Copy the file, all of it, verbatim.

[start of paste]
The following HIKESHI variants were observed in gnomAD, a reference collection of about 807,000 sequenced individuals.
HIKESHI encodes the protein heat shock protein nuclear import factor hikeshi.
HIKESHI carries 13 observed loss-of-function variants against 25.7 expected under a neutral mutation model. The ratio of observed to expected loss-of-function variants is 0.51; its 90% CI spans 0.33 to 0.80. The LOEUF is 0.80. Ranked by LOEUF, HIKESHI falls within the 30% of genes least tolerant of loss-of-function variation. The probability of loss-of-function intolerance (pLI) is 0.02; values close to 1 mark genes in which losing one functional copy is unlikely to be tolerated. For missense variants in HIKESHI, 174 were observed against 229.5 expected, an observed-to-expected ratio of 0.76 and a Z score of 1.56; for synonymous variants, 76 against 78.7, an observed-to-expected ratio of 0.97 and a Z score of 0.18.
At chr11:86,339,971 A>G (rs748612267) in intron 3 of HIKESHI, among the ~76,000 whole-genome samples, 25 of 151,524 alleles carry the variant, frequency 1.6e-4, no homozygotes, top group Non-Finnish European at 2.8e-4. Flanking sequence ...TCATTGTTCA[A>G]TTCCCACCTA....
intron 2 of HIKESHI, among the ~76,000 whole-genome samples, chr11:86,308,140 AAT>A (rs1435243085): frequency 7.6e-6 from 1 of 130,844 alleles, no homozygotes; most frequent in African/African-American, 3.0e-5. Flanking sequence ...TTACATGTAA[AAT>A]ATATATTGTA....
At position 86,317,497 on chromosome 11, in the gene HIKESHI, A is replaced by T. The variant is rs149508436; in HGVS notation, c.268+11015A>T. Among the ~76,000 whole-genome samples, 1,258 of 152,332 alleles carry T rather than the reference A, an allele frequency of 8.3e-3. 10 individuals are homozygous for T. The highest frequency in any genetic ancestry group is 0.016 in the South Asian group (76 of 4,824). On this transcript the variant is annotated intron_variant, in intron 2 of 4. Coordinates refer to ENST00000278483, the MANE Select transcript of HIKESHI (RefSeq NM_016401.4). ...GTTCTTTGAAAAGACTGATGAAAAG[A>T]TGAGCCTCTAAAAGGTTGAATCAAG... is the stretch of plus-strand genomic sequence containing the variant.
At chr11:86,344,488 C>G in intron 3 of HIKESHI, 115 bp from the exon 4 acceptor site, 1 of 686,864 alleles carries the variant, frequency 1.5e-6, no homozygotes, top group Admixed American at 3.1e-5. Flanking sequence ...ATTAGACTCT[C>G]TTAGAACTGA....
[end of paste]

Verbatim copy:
The following HIKESHI variants were observed in gnomAD, a reference collection of about 807,000 sequenced individuals.
HIKESHI encodes the protein heat shock protein nuclear import factor hikeshi.
HIKESHI carries 13 observed loss-of-function variants against 25.7 expected under a neutral mutation model. The ratio of observed to expected loss-of-function variants is 0.51; its 90% CI spans 0.33 to 0.80. The LOEUF is 0.80. Ranked by LOEUF, HIKESHI falls within the 30% of genes least tolerant of loss-of-function variation. The probability of loss-of-function intolerance (pLI) is 0.02; values close to 1 mark genes in which losing one functional copy is unlikely to be tolerated. For missense variants in HIKESHI, 174 were observed against 229.5 expected, an observed-to-expected ratio of 0.76 and a Z score of 1.56; for synonymous variants, 76 against 78.7, an observed-to-expected ratio of 0.97 and a Z score of 0.18.
At chr11:86,339,971 A>G (rs748612267) in intron 3 of HIKESHI, among the ~76,000 whole-genome samples, 25 of 151,524 alleles carry the variant, frequency 1.6e-4, no homozygotes, top group Non-Finnish European at 2.8e-4. Flanking sequence ...TCATTGTTCA[A>G]TTCCCACCTA....
intron 2 of HIKESHI, among the ~76,000 whole-genome samples, chr11:86,308,140 AAT>A (rs1435243085): frequency 7.6e-6 from 1 of 130,844 alleles, no homozygotes; most frequent in African/African-American, 3.0e-5. Flanking sequence ...TTACATGTAA[AAT>A]ATATATTGTA....
At position 86,317,497 on chromosome 11, in the gene HIKESHI, A is replaced by T. The variant is rs149508436; in HGVS notation, c.268+11015A>T. Among the ~76,000 whole-genome samples, 1,258 of 152,332 alleles carry T rather than the reference A, an allele frequency of 8.3e-3. 10 individuals are homozygous for T. The highest frequency in any genetic ancestry group is 0.016 in the South Asian group (76 of 4,824). On this transcript the variant is annotated intron_variant, in intron 2 of 4. Coordinates refer to ENST00000278483, the MANE Select transcript of HIKESHI (RefSeq NM_016401.4). ...GTTCTTTGAAAAGACTGATGAAAAG[A>T]TGAGCCTCTAAAAGGTTGAATCAAG... is the stretch of plus-strand genomic sequence containing the variant.
At chr11:86,344,488 C>G in intron 3 of HIKESHI, 115 bp from the exon 4 acceptor site, 1 of 686,864 alleles carries the variant, frequency 1.5e-6, no homozygotes, top group Admixed American at 3.1e-5. Flanking sequence ...ATTAGACTCT[C>G]TTAGAACTGA....